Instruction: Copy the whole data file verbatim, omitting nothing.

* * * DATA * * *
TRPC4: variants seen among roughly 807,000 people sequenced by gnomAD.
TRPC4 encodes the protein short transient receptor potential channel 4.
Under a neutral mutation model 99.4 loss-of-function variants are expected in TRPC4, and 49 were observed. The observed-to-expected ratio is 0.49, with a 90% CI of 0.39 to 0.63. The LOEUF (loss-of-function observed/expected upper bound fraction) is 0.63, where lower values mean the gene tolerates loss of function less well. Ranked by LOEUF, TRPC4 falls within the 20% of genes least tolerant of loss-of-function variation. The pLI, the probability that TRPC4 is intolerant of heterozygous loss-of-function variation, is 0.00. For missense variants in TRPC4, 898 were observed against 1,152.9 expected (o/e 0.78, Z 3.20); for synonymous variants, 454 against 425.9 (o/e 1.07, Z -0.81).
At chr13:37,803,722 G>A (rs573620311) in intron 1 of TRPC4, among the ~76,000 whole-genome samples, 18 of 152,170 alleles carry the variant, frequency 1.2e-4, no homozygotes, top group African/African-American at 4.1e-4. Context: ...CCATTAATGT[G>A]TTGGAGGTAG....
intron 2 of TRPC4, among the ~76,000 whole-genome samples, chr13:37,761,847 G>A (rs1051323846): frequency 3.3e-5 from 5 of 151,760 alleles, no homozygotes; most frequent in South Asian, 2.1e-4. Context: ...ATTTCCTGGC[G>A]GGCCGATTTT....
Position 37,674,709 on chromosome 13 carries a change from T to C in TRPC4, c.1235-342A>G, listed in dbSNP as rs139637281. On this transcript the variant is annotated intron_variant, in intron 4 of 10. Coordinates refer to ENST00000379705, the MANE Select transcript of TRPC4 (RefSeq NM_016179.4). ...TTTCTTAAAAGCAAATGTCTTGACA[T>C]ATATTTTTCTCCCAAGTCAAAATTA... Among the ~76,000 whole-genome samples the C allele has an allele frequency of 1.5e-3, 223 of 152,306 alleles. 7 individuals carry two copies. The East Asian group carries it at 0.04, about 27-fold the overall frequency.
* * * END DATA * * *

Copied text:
TRPC4: variants seen among roughly 807,000 people sequenced by gnomAD.
TRPC4 encodes the protein short transient receptor potential channel 4.
Under a neutral mutation model 99.4 loss-of-function variants are expected in TRPC4, and 49 were observed. The observed-to-expected ratio is 0.49, with a 90% CI of 0.39 to 0.63. The LOEUF (loss-of-function observed/expected upper bound fraction) is 0.63, where lower values mean the gene tolerates loss of function less well. Ranked by LOEUF, TRPC4 falls within the 20% of genes least tolerant of loss-of-function variation. The pLI, the probability that TRPC4 is intolerant of heterozygous loss-of-function variation, is 0.00. For missense variants in TRPC4, 898 were observed against 1,152.9 expected (o/e 0.78, Z 3.20); for synonymous variants, 454 against 425.9 (o/e 1.07, Z -0.81).
At chr13:37,803,722 G>A (rs573620311) in intron 1 of TRPC4, among the ~76,000 whole-genome samples, 18 of 152,170 alleles carry the variant, frequency 1.2e-4, no homozygotes, top group African/African-American at 4.1e-4. Context: ...CCATTAATGT[G>A]TTGGAGGTAG....
intron 2 of TRPC4, among the ~76,000 whole-genome samples, chr13:37,761,847 G>A (rs1051323846): frequency 3.3e-5 from 5 of 151,760 alleles, no homozygotes; most frequent in South Asian, 2.1e-4. Context: ...ATTTCCTGGC[G>A]GGCCGATTTT....
Position 37,674,709 on chromosome 13 carries a change from T to C in TRPC4, c.1235-342A>G, listed in dbSNP as rs139637281. On this transcript the variant is annotated intron_variant, in intron 4 of 10. Coordinates refer to ENST00000379705, the MANE Select transcript of TRPC4 (RefSeq NM_016179.4). ...TTTCTTAAAAGCAAATGTCTTGACA[T>C]ATATTTTTCTCCCAAGTCAAAATTA... Among the ~76,000 whole-genome samples the C allele has an allele frequency of 1.5e-3, 223 of 152,306 alleles. 7 individuals carry two copies. The East Asian group carries it at 0.04, about 27-fold the overall frequency.